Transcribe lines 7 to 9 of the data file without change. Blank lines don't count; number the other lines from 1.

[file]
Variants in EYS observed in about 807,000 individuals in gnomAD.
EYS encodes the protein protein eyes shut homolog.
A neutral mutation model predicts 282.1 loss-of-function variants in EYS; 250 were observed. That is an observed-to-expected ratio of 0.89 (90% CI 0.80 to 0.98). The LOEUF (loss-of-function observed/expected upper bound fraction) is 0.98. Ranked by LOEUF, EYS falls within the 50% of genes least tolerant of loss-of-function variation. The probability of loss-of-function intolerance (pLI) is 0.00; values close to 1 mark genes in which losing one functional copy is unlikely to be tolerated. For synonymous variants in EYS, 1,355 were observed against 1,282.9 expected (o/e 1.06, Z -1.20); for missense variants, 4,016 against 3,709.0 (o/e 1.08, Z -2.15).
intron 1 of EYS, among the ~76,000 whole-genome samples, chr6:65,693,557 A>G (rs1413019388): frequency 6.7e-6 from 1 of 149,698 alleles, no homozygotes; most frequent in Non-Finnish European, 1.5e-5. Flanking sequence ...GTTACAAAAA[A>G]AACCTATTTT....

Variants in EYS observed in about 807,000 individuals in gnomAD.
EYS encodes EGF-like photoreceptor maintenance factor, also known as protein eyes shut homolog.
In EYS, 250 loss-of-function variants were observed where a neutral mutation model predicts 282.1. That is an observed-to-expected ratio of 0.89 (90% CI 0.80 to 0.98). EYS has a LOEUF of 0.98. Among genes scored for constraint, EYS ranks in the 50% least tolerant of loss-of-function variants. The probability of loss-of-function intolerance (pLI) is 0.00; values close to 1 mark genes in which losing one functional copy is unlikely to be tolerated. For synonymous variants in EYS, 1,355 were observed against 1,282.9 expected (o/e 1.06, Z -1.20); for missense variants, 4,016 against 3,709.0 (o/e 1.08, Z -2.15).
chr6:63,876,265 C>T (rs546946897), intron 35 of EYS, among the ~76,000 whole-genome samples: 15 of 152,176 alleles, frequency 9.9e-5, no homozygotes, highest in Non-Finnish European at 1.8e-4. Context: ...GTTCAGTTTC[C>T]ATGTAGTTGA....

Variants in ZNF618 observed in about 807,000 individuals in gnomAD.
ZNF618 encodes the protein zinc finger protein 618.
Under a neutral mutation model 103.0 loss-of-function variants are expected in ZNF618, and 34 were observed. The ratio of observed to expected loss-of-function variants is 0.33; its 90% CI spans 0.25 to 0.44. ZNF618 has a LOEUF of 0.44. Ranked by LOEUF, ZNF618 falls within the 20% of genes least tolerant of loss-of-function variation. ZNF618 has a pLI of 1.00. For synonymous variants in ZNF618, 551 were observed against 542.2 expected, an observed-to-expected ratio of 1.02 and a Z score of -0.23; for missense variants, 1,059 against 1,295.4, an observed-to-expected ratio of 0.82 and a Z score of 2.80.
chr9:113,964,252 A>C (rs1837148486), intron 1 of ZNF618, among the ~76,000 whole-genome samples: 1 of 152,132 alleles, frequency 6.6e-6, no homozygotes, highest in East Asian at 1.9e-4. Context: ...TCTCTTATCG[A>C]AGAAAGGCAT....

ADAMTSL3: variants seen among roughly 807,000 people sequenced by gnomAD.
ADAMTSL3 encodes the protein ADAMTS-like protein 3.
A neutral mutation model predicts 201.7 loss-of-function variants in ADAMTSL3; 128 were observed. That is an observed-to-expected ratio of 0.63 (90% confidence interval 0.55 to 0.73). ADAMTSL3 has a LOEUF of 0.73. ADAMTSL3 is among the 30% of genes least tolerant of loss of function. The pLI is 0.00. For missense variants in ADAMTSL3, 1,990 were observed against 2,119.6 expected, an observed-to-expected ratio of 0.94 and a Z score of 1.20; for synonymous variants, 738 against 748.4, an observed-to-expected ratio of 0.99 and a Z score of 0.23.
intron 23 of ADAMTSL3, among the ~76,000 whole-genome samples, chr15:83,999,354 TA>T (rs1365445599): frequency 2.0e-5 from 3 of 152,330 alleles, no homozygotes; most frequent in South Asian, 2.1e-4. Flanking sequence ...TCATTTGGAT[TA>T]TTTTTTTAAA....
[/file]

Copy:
In EYS, 250 loss-of-function variants were observed where a neutral mutation model predicts 282.1. That is an observed-to-expected ratio of 0.89 (90% CI 0.80 to 0.98). EYS has a LOEUF of 0.98. Among genes scored for constraint, EYS ranks in the 50% least tolerant of loss-of-function variants. The probability of loss-of-function intolerance (pLI) is 0.00; values close to 1 mark genes in which losing one functional copy is unlikely to be tolerated. For synonymous variants in EYS, 1,355 were observed against 1,282.9 expected (o/e 1.06, Z -1.20); for missense variants, 4,016 against 3,709.0 (o/e 1.08, Z -2.15).
chr6:63,876,265 C>T (rs546946897), intron 35 of EYS, among the ~76,000 whole-genome samples: 15 of 152,176 alleles, frequency 9.9e-5, no homozygotes, highest in Non-Finnish European at 1.8e-4. Context: ...GTTCAGTTTC[C>T]ATGTAGTTGA....

Variants in ZNF618 observed in about 807,000 individuals in gnomAD.